I wanted a clock. But not just any clock! I wanted it to be able to change the timezone being displayed at the flip of a switch. And I also wanted to use it at Burning Man, to show my location not in time, but in the clock-face addressing system used in Black Rock City. And I wanted it all mounted inside a hat. And, of course, it should look great.
This meant I needed separate control over each clock hand, driven by a microcontroller of some kind. I decided to go with Arduino because that's easy and relatively cheap, but it doesn't really matter.
To drive the hands I used micro RC servos, because those give easy angular control. Libraries exist for pretty much any microcontroller that let you control RC servos. You tell them what angle to go to, and they go to that angle. Simple! For use in controlling a clock hand. though, there's a problem. Standard RC servos only have a 180 degree range, sometimes a bit less. That's no good for a clock hand that has to rotate at least 360 degrees! I'd have to use gears, which meant the drive system was definitely too large to fit inside the hat. It would have to be mounted on the back side, with the clock hands controlled via coaxial drive shafts that passed through the center. A bit clunky, but in an enjoyably steampunk fashion. Why, yes, those are gears on my hat -- and they do something!
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Step 1: Gear System and Mounting Brackets
The first step was designing the gear system. I went with 3:1 -- 36 teeth on the servo gear and 12 on the clock handle shaft gear. This was a bit overkill, and if I were building it again I'd probably go with 30/12 or 28/12. Might as well save some torque since we only slightly over 360 degrees of range.
The problem with gears is that they're annoyingly expensive, and it can be difficult to mount them concentrically with the equipment in a home shop. Both of these problems are solved if you get your own laser cut. I do my design in Inkscape, but other vector drawing programs would work. Inkscape comes with a tool for drawing gears, but it's not very configurable and the gear tooth profiles it generates are quite crude. To solve this I wrote an Inkscape extension for generating gears. (It also does sprockets.) This creates mathematically accurate teeth profiles, allows the size to be specified in all 3 major industrial systems, and can even generate internal gears for a planetary system. I might be biased, but I highly recommend it over the stock Inkscape tool.
While I was getting the gears cut, I decided I might as well get other stuff cut as well. In the SVG example file I've attached, there are also mounting brackets for servos and shafts, spacers for the gears, and basic clock hands. The servo gears screw directly to the servo horns, and the shaft gears are sized to fit snuggly in the brass tubes I used for coaxial shafts, reinforced by crimping the ends. Make sure that the inner shaft can rotate freely when you select your stock! It's being turned by a tiny servo, at a 3:1 mechanical disadvantage. You might need to lubricate it with powdered graphite to get it working.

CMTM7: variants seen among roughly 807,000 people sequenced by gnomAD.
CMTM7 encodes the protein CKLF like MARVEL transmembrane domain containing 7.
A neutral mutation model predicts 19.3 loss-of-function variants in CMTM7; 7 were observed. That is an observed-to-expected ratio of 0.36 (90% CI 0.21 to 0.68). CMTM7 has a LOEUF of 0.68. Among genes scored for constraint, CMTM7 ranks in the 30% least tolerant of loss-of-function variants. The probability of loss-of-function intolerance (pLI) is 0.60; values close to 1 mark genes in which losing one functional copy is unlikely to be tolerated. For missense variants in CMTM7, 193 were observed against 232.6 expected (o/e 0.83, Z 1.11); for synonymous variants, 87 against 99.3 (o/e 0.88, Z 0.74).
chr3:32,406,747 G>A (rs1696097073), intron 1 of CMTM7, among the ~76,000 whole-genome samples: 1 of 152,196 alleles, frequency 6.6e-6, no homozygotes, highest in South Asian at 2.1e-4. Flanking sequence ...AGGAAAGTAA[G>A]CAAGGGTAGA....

Step 2: Mode and Power Switch
A system like this needs a control panel, obviously. I decided to make mine from etched brass, a technique I use on many of my projects. This process is explained very well in other places, so I'll only briefly cover it here.
First I designed the panel in Inkscape. Coming up with fancified, steampunky names for on/off as well as the timezones was particularly fun. I used a basic rotary switch for the mode selector, and a weird toggle switch I found in my collection for main system power. Once I was happy with the design, I printed it backwards on glossy photo inkjet paper using a laserjet printer. This was then transferred to a sheet of brass by use of a hot iron. The brass was immersed in ferric chloride, which ate away at the metal everywhere it was exposed. The sheet was cut to the final shape with the use of a jeweler's saw, then painted black. I carefully sanded away the raised sections of the plate, revealing the shiny brass underneath. Finally I bent the plate to match the curve of the hat and pop-riveted it in place. When riveting something like this, be sure to protect the finish with a shop rag or something. The rivet gun tends to jump and can easily scratch up the surface you just spent hours getting perfect!
Step 3: Arduino Control
The whole system is controlled by an Arduino. This has a screw-terminal breakout shield, to make sure the connections don't vibrate loose as I'm walking around, as well as a GPS shield for the Burning Man address mode. It also has a real time clock (RTC) module, since the main point of this whole thing is for it to keep time!
These are all mounted at the top of the hat, along with the 9 volt battery supplying system power. I recommend getting as tall of a hat as possible, as the components do tend to poke my head a bit at certain angles. There is plenty of room on either side of the coaxial shafts, but you'll have to be a bit creative to get it all to fit. Make sure nothing is rubbing on the shafts, as they need to turn freely!
The Arduino code that I've attached handles both the clock and the GPS modes. In clock mode, it reads from the RTC, adjusts for the specific time zone, and sets the hands accordingly. In GPS mode it reads the current position, calculates the angle from 12:00 using the 2014 Burning Man coordinates, and sets the hands accordingly.
Step 4: Final Results
With a final touch of cutting a pair of custom clock hands from brass sheet with a jeweller’s saw, the hat was finished. It has proved to be one of my more successful projects. It works well for wearing at cons, and it's a good conversation starter. Most people are surprised that it's a real clock at all, much less that I can change the timezone, much less that it has a GPS mode!